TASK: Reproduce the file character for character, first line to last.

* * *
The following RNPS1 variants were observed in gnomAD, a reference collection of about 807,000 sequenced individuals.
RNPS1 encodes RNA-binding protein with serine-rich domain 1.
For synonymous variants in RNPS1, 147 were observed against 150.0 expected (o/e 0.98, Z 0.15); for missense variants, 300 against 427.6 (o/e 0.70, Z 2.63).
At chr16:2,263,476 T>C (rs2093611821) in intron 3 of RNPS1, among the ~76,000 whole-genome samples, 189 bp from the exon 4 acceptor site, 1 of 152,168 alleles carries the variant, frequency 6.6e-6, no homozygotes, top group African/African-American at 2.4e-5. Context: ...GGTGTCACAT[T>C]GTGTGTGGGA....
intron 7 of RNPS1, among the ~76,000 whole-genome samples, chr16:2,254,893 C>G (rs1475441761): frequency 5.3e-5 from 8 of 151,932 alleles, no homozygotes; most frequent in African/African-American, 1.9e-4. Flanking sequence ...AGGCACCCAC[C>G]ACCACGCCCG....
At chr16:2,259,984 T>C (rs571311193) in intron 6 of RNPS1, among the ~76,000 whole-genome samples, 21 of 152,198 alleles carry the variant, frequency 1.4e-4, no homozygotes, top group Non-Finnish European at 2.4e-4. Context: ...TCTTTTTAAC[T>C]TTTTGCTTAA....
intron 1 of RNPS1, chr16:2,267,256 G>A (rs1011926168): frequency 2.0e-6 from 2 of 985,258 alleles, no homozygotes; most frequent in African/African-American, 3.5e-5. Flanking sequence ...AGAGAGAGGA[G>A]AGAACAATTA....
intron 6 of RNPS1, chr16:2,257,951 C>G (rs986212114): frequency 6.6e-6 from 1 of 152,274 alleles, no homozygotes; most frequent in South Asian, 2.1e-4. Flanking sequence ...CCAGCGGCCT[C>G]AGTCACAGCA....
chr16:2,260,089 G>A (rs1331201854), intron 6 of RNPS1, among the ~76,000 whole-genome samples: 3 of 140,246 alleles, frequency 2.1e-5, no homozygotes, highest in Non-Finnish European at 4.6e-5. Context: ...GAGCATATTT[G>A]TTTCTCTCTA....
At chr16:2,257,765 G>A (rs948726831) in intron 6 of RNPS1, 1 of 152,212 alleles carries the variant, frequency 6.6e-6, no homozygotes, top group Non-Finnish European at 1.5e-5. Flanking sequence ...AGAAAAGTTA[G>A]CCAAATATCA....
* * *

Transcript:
The following RNPS1 variants were observed in gnomAD, a reference collection of about 807,000 sequenced individuals.
RNPS1 encodes RNA-binding protein with serine-rich domain 1.
For synonymous variants in RNPS1, 147 were observed against 150.0 expected (o/e 0.98, Z 0.15); for missense variants, 300 against 427.6 (o/e 0.70, Z 2.63).
At chr16:2,263,476 T>C (rs2093611821) in intron 3 of RNPS1, among the ~76,000 whole-genome samples, 189 bp from the exon 4 acceptor site, 1 of 152,168 alleles carries the variant, frequency 6.6e-6, no homozygotes, top group African/African-American at 2.4e-5. Context: ...GGTGTCACAT[T>C]GTGTGTGGGA....
intron 7 of RNPS1, among the ~76,000 whole-genome samples, chr16:2,254,893 C>G (rs1475441761): frequency 5.3e-5 from 8 of 151,932 alleles, no homozygotes; most frequent in African/African-American, 1.9e-4. Flanking sequence ...AGGCACCCAC[C>G]ACCACGCCCG....
At chr16:2,259,984 T>C (rs571311193) in intron 6 of RNPS1, among the ~76,000 whole-genome samples, 21 of 152,198 alleles carry the variant, frequency 1.4e-4, no homozygotes, top group Non-Finnish European at 2.4e-4. Context: ...TCTTTTTAAC[T>C]TTTTGCTTAA....
intron 1 of RNPS1, chr16:2,267,256 G>A (rs1011926168): frequency 2.0e-6 from 2 of 985,258 alleles, no homozygotes; most frequent in African/African-American, 3.5e-5. Flanking sequence ...AGAGAGAGGA[G>A]AGAACAATTA....
intron 6 of RNPS1, chr16:2,257,951 C>G (rs986212114): frequency 6.6e-6 from 1 of 152,274 alleles, no homozygotes; most frequent in South Asian, 2.1e-4. Flanking sequence ...CCAGCGGCCT[C>G]AGTCACAGCA....
chr16:2,260,089 G>A (rs1331201854), intron 6 of RNPS1, among the ~76,000 whole-genome samples: 3 of 140,246 alleles, frequency 2.1e-5, no homozygotes, highest in Non-Finnish European at 4.6e-5. Context: ...GAGCATATTT[G>A]TTTCTCTCTA....
At chr16:2,257,765 G>A (rs948726831) in intron 6 of RNPS1, 1 of 152,212 alleles carries the variant, frequency 6.6e-6, no homozygotes, top group Non-Finnish European at 1.5e-5. Flanking sequence ...AGAAAAGTTA[G>A]CCAAATATCA....